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Lawmakers not happy to get only an estimate cost of Repat Program

Sen. Magalei Logovi’i
Magalei says they want a detailed report, not just “guesses”

Pago Pago, AMERICAN SAMOA — Sen. Magalei Logovi’i was among lawmakers who were not pleased with the  Administration not providing a detailed financial report including funding source for the eight flights of the American Samoa Repatriation program from Honolulu between February and late July this year.

Cost of repatriation was among the several issues and concerns raised by the Fono joint hearing yesterday at the Senate chamber, following three positive COVID-19 cases, who are all local residents, who returned on the Sept. 13th and Sept. 27th flights from Honolulu.

Lawmakers also voiced their displeasure over the TalofaPass web system used by American Samoa to screen travelers from Honolulu, especially now with three imported (border) cases. The system was supposed to help prevent such cases from entering the territory.

 But Attorney General Fainu’ulelei Falefatu Alailima Utu assured lawmakers, during the more than 2-hour hearing that based on information from the medical team, the territory is well protected with current protocols and with no local community spread of the virus.

 The Fono had sought information on the total cost of the repatriation program, and sought financial reports from the government, including the COVID-19 Task Force. And during pointed questions at yesterday’s hearing from Senate President Tuaolo Manaia Fruean, task force member Tuimavave Tauapa’i Laupola, who is also the Governor’s chief of staff responded that repatriation costs were close to $20 million.

And the costs include all ASG personnel working in Honolulu for the repatriation program, the charter flights operated by Hawaiian Airlines, and the quarantine site — which was a hotel.

According to the chief of staff, the first repatriation flight cost around $2 million, and that by the last two repatriation flights, the hotel quarantine facility cost alone was nearly $1 million.

But a summary financial report provided to lawmakers shows total repatriation costs at $4 million. ASG Medicaid Office director Sandra King-Young, who is also a task force member (she attended the joint hearing) explained that this is her office’s financial report, detailing the Medicaid share of the repatriation flights.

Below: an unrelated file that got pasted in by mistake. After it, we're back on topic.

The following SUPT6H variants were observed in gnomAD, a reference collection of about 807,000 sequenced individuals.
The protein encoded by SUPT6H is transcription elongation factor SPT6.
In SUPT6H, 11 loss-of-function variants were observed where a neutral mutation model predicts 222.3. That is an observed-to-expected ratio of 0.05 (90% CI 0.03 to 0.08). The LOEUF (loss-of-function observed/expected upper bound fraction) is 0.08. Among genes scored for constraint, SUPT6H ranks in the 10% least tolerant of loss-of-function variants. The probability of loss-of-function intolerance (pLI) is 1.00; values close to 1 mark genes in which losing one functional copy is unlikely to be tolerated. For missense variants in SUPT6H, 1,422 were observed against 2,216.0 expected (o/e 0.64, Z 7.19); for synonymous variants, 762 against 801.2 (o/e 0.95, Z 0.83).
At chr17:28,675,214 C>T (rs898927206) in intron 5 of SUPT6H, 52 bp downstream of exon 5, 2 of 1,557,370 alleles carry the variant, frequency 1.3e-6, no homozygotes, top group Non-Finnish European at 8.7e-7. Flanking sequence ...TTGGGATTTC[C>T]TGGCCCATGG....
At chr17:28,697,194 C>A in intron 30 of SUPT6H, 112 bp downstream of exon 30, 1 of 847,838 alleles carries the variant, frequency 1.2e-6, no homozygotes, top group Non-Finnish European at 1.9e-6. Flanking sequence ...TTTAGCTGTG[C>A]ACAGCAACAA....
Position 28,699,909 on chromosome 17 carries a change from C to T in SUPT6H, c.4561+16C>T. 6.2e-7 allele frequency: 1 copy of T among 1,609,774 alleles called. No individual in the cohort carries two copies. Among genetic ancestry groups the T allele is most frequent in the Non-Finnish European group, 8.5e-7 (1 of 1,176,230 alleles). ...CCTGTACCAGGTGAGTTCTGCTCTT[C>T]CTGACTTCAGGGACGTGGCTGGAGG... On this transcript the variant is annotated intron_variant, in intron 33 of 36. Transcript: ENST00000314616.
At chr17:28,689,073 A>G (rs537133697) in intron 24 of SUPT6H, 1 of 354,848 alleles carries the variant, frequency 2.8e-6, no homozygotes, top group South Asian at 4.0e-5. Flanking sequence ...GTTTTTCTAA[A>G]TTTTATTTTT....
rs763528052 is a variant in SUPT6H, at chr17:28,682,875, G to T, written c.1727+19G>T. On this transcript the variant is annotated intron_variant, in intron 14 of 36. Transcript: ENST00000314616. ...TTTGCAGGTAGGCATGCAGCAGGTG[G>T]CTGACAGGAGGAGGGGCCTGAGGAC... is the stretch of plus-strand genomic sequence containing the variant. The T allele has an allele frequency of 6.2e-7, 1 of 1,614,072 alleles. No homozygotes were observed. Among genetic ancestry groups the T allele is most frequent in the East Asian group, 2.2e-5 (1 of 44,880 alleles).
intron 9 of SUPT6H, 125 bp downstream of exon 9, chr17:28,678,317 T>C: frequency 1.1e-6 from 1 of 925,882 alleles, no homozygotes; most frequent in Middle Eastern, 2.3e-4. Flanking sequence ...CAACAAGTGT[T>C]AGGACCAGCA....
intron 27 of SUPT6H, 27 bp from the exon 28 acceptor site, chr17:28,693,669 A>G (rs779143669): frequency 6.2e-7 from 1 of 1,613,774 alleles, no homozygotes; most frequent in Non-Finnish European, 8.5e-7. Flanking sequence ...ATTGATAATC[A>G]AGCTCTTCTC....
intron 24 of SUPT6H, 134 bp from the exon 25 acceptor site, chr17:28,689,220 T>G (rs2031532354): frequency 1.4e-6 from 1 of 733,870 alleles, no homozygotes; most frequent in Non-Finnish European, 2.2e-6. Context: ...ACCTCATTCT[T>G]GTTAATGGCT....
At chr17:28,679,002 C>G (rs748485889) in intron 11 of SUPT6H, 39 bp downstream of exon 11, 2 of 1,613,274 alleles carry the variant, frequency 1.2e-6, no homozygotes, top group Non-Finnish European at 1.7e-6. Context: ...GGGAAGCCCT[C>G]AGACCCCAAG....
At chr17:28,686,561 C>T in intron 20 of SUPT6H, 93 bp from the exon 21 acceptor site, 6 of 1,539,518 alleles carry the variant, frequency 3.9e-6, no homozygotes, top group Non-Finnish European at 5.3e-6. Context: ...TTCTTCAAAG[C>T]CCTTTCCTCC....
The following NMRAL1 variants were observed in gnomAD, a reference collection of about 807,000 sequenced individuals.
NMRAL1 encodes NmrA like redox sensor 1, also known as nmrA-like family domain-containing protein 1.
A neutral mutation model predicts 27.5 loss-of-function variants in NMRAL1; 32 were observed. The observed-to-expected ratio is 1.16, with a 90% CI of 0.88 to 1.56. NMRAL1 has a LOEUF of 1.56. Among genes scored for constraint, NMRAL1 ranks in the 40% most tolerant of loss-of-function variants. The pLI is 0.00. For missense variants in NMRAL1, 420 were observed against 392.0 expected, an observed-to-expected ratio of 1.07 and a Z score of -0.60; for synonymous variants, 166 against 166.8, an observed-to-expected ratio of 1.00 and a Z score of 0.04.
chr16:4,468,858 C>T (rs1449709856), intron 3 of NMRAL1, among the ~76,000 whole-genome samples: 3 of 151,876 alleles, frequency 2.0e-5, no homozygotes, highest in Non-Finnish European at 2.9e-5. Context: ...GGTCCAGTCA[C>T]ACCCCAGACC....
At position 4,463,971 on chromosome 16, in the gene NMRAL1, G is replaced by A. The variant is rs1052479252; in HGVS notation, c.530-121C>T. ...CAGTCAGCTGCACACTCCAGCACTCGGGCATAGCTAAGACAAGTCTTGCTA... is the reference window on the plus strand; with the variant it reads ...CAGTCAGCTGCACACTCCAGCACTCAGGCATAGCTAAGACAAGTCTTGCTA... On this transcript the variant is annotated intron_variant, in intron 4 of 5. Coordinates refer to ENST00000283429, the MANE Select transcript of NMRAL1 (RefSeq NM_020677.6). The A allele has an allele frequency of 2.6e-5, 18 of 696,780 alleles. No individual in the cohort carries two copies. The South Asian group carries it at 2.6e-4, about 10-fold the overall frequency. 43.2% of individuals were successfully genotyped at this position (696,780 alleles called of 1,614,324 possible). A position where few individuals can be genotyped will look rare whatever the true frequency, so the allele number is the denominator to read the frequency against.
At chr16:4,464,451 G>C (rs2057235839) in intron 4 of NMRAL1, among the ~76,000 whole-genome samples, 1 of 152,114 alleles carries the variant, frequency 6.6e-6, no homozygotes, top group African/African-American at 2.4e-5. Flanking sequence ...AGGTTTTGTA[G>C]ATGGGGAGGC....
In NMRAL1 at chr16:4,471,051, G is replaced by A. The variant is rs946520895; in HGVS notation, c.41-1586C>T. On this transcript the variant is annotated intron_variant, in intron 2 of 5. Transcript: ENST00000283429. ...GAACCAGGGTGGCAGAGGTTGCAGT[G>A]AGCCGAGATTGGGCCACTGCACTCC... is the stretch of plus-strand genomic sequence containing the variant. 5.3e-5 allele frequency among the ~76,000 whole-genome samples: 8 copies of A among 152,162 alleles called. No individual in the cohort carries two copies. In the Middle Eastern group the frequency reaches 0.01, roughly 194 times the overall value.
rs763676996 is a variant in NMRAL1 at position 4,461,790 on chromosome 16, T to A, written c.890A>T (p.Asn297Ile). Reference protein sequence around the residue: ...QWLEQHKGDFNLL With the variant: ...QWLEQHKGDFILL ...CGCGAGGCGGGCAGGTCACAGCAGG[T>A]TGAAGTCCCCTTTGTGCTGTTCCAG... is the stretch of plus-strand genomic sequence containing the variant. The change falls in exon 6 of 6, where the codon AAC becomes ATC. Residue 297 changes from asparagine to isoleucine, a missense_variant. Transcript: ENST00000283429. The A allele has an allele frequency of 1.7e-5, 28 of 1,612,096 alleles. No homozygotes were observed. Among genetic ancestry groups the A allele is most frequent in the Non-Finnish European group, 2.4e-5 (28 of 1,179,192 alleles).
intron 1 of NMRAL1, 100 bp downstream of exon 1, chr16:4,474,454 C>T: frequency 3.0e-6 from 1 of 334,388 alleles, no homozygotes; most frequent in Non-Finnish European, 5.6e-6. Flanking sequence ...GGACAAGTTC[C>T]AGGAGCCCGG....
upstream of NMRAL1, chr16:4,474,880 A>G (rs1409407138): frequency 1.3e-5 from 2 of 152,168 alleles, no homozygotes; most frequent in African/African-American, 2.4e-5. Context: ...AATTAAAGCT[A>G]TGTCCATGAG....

That didn’t sit well with several lawmakers, including Tuaolo who sought further clarification, to which Tuimavave said the government’s cost was around $16 million. Tuimavave said the funding source came from the Governor’s Office funds, from COVID money.

Magalei, who also chairs the Senate Budget and Appropriations Committee, told Tuimavave that the Fono does not accept verbal reports on financial spending, and instead wants a written detailed financial report on repatriation costs as well as the “correct” funding source — and not guesses.

Magalei said a detailed financial report provides solid information and allows for a better understanding by the Fono.

Samoa News understands that the Fono had requested a specific information report on the repatriation costs — including the costs in Honolulu — but has not received it.

Among the concerns from the public that lawmakers shared with task force members who attended the hearing are the three imported positive cases. Lawmakers are of the opinion that pre-quarantine in Honolulu — during the repatriation flights — was the safest way to detect and prevent entry of the virus to the territory.

Alailima-Utu, who is also a member of the task force, said the pre-quarantine in Honolulu was becoming costly to the government and that the current protocols used with three tests in Hawaii prior to boarding the flight in Honolulu and required quarantine upon arrival here that includes testing of travelers — is working.

He said that based on information from the local medical team, American Samoa is well protected from the virus, and that there’s “no community spread” from the three imported positive cases.

Task Force chairman, Lt. Gov. Talauega Eleasalo Ale didn’t attend the hearing. Other task force members who attended include Secretary of Samoan Affairs Mauga Tasi Asuega, Health director Motusa Tuileama Nua and LBJ Medical Center chief executive officer, Faumuina John Faumuina.

Samoa News will report in future editions on other issues and questions raised — especially on the TalofaPass web system, at yesterday’s hearing.